HBCU football: Changing the “narrative” about HBCU athletics

MONTGOMERY, AL - MARCH 20: Head Coach Deion Sanders talk with his quarterback Jalon Jones #4 of the Jackson State Tigers during a time out during the game against the Alabama State Hornets at New ASU Stadium on March 20, 2021 in Montgomery, Alabama. Alabama State Hornets defeated the Jackson State Tigers 35 to 28. (Photo by Don Juan Moore/Getty Images)
MONTGOMERY, AL - MARCH 20: Head Coach Deion Sanders talk with his quarterback Jalon Jones #4 of the Jackson State Tigers during a time out during the game against the Alabama State Hornets at New ASU Stadium on March 20, 2021 in Montgomery, Alabama. Alabama State Hornets defeated the Jackson State Tigers 35 to 28. (Photo by Don Juan Moore/Getty Images) /

Before black football players were allowed to play at historically white institutions, Historically Black Colleges and Universities were the only schools where black players would have the opportunity to play college football.

Though there were some exceptions (Jackie Robinson played at UCLA in the 30s), HBCUs is where the vast majority of black high school football players were recruited and played. After desegregation, many black players began to play for historically white institutions.

As football conferences grew and major universities made more money from football, HBCUs could not keep up with recruiting and the facilities many major universities have. It might not be for the reasons you think.

Many HBCUs are small in contrast to their larger in-state counterparts. For example, North Carolina A&T is the only HBCU with an annual enrollment of over 10,000 undergraduate students. The University of North Carolina, the state’s largest public university has an undergraduate enrollment of over 19,000.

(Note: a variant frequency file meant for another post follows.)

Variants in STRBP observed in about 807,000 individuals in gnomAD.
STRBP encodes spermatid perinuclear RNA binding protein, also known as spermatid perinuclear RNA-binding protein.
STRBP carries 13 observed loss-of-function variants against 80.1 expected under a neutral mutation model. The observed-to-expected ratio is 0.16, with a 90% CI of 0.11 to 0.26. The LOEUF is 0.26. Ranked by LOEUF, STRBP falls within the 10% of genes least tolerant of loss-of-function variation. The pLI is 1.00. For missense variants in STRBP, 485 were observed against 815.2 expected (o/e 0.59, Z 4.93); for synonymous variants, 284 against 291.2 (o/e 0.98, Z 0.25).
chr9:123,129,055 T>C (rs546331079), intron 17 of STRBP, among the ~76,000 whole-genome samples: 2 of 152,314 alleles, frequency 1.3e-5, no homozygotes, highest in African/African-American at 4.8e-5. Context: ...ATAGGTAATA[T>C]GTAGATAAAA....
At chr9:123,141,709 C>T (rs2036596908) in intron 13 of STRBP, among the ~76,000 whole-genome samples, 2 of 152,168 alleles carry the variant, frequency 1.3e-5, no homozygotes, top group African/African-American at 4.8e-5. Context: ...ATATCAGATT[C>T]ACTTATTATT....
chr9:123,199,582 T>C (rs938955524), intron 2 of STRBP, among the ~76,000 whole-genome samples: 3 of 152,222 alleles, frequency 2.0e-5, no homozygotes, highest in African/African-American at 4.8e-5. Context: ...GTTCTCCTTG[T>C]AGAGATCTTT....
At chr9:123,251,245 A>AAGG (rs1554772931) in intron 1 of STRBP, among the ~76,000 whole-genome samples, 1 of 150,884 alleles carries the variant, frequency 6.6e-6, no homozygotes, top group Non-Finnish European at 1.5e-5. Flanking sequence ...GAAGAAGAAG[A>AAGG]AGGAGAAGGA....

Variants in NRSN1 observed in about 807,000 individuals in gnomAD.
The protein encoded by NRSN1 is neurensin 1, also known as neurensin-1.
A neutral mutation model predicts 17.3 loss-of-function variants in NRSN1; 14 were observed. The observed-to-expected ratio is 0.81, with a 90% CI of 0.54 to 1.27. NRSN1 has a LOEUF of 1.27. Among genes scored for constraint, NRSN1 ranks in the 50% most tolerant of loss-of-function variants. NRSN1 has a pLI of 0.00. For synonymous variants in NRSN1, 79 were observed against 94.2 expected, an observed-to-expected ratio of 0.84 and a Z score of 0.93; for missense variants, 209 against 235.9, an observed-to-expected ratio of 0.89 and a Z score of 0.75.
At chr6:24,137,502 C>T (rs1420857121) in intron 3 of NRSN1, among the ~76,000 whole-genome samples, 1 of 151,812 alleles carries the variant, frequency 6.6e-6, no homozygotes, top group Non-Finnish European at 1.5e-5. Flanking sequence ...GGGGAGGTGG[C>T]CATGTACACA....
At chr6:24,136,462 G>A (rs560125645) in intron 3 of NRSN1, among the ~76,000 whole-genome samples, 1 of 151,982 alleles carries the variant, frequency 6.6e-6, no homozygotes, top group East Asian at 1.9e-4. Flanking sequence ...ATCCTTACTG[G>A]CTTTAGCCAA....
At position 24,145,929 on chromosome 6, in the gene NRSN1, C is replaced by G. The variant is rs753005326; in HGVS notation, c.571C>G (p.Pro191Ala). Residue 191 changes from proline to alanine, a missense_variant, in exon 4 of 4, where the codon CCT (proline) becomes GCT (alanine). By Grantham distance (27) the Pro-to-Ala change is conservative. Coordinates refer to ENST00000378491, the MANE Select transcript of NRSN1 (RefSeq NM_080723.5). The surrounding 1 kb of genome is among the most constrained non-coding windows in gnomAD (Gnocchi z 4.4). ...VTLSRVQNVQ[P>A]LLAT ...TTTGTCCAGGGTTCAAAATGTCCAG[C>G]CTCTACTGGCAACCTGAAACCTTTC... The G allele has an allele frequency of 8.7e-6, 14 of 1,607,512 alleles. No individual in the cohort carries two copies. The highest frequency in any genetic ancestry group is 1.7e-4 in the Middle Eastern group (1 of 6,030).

What is the narrative? 

This has led to a narrative that HBCUs are schools black kids go to when they cannot get into the “big schools” and where athletes go if they are not good enough to compete at the Power Five level.

In short, the narrative is HBCUs are inferior to their historically white, in-state counterparts. In context, I am saying inferior as less than. The truth is HBCUs are not less than, they are simply smaller.

If HBCUs are underfunded, it is because states have been allowed to shrink on their obligation to fund their public HBCUs properly. The state of Maryland just settled an over half-billion dollar lawsuit with its HBCUs over underfunding.

Tennessee could face the same settlement with Tennesse State. It has been found that the state of Tennessee has underfunded TSU for 50 years and could owe the school up to 500 million dollars.

What it means for football.

No matter how the perception of HBCU football has come about, it is historically inaccurate and incorrect. HBCUs traditionally have not had the opportunity to demonstrate its on-field tradition and quality.

Before this spring, HBCU football was often relegated to a tape-delay game on ESPNU or ESPNEWS late at night. The only time a national audience sees live HBCU football is the Bayou Classic and the Celebration Bowl.

Enter Deion Sanders.

From Sanders to George

Jackson State head coach Deion Sanders had been coaching since 2012 and made it no secret a desire to coach at the collegiate level after coaching high school football in Florida and Texas. Sanders believes he can create a pipeline from Jackson, Mississippi to the NFL.

Sanders has famously said that God called him to Jackson, Mississippi. You might not place your faith where Sanders does but there is little doubt as to his impact on spring football. For better or worse, Sanders’ influenced bumped several HBCU games this season to ESPN.

In his brief time at JSU, Sanders has helped raise the profile and the fundraising at Jackson State, an HBCU that has good alumni donors.

George taking Tennessee State is a different story. George never had any designs on coaching. However, George sees this as an opportunity to do something bigger than himself. The NFL Hall of Famer has donated to TSU in the past but being the face of the football program raises its profile.

This was the point of Jemele Hill’s article from The Atlantic two years ago in which she discussed why black athletes should attend HBCUs. George and Sanders are using their “celebrity” to raise the profile of and change the incorrect perception of HBCU football.